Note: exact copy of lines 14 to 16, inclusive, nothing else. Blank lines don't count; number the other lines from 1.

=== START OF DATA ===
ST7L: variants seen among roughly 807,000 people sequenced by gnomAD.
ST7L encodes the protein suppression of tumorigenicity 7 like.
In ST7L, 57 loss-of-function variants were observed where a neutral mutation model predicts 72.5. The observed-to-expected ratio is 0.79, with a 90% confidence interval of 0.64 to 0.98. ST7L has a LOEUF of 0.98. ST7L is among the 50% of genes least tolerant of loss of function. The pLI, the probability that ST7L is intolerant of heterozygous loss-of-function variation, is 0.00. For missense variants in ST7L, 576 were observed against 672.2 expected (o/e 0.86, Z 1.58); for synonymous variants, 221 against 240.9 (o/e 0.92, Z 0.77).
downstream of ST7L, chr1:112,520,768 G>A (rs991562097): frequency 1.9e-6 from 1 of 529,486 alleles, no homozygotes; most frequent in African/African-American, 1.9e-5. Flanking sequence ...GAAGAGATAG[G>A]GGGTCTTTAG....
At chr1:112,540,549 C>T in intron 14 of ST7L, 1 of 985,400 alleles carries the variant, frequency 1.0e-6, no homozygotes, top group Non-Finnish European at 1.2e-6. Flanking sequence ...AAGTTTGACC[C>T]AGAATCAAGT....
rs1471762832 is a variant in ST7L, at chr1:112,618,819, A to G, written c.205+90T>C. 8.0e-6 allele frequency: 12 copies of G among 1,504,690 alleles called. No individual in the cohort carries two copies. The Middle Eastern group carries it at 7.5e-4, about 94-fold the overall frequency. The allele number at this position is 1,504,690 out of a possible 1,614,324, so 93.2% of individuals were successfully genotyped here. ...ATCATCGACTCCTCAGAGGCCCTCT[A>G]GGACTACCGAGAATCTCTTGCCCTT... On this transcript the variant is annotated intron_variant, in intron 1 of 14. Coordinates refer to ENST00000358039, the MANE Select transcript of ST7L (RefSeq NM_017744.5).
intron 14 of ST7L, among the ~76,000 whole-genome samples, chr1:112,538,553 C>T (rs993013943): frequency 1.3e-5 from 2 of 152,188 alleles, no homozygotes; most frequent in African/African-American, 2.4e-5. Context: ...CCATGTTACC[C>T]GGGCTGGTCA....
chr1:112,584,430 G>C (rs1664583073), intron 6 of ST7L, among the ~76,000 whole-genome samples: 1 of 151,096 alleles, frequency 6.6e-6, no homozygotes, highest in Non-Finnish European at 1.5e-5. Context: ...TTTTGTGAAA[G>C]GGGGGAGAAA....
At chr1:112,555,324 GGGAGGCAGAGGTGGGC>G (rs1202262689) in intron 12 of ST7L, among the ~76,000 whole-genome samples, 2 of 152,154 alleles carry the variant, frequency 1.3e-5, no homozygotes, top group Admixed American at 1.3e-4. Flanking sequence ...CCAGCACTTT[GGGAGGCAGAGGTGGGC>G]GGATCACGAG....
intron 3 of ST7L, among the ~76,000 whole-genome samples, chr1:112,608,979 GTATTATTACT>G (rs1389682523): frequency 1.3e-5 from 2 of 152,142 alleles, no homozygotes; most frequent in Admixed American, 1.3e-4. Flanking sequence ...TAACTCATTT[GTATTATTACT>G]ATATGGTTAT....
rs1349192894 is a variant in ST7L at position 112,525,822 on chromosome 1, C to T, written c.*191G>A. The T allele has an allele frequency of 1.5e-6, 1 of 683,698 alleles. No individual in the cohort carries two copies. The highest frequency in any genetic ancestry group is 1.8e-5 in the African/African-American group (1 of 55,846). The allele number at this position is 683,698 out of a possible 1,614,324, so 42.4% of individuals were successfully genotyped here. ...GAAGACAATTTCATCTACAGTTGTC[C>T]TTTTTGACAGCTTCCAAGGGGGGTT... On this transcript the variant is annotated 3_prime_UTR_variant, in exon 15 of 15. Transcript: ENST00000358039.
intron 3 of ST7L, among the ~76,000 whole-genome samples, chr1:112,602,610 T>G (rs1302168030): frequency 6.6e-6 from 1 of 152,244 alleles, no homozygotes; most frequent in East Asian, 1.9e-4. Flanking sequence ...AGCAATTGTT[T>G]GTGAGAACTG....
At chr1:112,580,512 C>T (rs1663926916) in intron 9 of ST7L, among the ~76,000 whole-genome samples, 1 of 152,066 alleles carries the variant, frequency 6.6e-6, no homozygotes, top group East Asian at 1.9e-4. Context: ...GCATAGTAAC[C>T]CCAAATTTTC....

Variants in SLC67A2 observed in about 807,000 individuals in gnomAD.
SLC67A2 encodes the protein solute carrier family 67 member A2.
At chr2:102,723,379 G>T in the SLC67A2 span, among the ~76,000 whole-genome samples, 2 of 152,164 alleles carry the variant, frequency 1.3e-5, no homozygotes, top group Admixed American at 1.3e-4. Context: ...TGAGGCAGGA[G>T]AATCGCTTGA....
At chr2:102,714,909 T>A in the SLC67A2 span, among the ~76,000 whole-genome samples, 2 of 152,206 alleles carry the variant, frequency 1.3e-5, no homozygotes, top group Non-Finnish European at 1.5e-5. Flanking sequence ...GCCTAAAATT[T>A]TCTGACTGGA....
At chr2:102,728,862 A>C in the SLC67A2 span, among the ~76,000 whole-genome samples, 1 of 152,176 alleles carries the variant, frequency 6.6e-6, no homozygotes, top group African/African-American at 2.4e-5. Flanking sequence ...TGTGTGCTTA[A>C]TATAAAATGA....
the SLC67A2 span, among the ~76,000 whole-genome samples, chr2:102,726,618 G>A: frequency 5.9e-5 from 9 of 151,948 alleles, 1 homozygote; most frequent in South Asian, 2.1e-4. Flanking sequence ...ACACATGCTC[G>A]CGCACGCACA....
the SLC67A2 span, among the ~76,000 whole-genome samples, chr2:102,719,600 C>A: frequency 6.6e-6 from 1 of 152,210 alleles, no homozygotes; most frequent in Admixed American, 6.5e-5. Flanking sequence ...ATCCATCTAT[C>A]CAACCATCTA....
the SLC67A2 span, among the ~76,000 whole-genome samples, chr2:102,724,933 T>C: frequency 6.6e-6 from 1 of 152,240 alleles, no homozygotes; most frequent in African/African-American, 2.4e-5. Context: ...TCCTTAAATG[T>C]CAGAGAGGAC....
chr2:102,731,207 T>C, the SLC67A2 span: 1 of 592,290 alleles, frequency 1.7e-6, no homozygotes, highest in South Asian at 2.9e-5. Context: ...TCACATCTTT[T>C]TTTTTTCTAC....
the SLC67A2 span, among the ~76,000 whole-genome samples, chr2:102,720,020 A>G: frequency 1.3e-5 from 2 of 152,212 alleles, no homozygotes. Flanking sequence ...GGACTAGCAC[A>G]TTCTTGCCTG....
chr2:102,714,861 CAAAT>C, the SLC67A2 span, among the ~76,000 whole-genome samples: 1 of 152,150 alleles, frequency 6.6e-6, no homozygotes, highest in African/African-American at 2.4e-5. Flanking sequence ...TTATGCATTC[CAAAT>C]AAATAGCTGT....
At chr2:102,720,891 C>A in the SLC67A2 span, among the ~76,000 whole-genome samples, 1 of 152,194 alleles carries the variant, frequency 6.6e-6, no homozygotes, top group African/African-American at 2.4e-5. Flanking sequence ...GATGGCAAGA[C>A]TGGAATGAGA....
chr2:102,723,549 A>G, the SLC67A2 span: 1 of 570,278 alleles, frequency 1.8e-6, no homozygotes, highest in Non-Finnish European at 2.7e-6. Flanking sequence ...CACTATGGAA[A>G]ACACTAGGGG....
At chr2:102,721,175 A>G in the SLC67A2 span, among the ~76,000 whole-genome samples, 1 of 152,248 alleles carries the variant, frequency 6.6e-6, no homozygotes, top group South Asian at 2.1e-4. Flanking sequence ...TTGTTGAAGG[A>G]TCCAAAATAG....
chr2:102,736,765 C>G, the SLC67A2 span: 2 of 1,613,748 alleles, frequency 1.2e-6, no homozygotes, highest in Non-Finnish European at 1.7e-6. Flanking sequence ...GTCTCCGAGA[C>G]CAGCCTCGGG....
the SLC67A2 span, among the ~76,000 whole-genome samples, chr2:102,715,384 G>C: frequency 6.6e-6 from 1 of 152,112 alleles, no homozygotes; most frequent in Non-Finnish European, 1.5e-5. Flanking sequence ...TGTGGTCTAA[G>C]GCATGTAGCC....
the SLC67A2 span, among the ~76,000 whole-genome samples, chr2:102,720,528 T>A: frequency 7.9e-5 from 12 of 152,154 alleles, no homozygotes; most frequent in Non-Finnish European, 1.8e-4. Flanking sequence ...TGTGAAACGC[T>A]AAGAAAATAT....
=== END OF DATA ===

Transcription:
Variants in SLC67A2 observed in about 807,000 individuals in gnomAD.
SLC67A2 encodes the protein solute carrier family 67 member A2.
At chr2:102,723,379 G>T in the SLC67A2 span, among the ~76,000 whole-genome samples, 2 of 152,164 alleles carry the variant, frequency 1.3e-5, no homozygotes, top group Admixed American at 1.3e-4. Context: ...TGAGGCAGGA[G>T]AATCGCTTGA....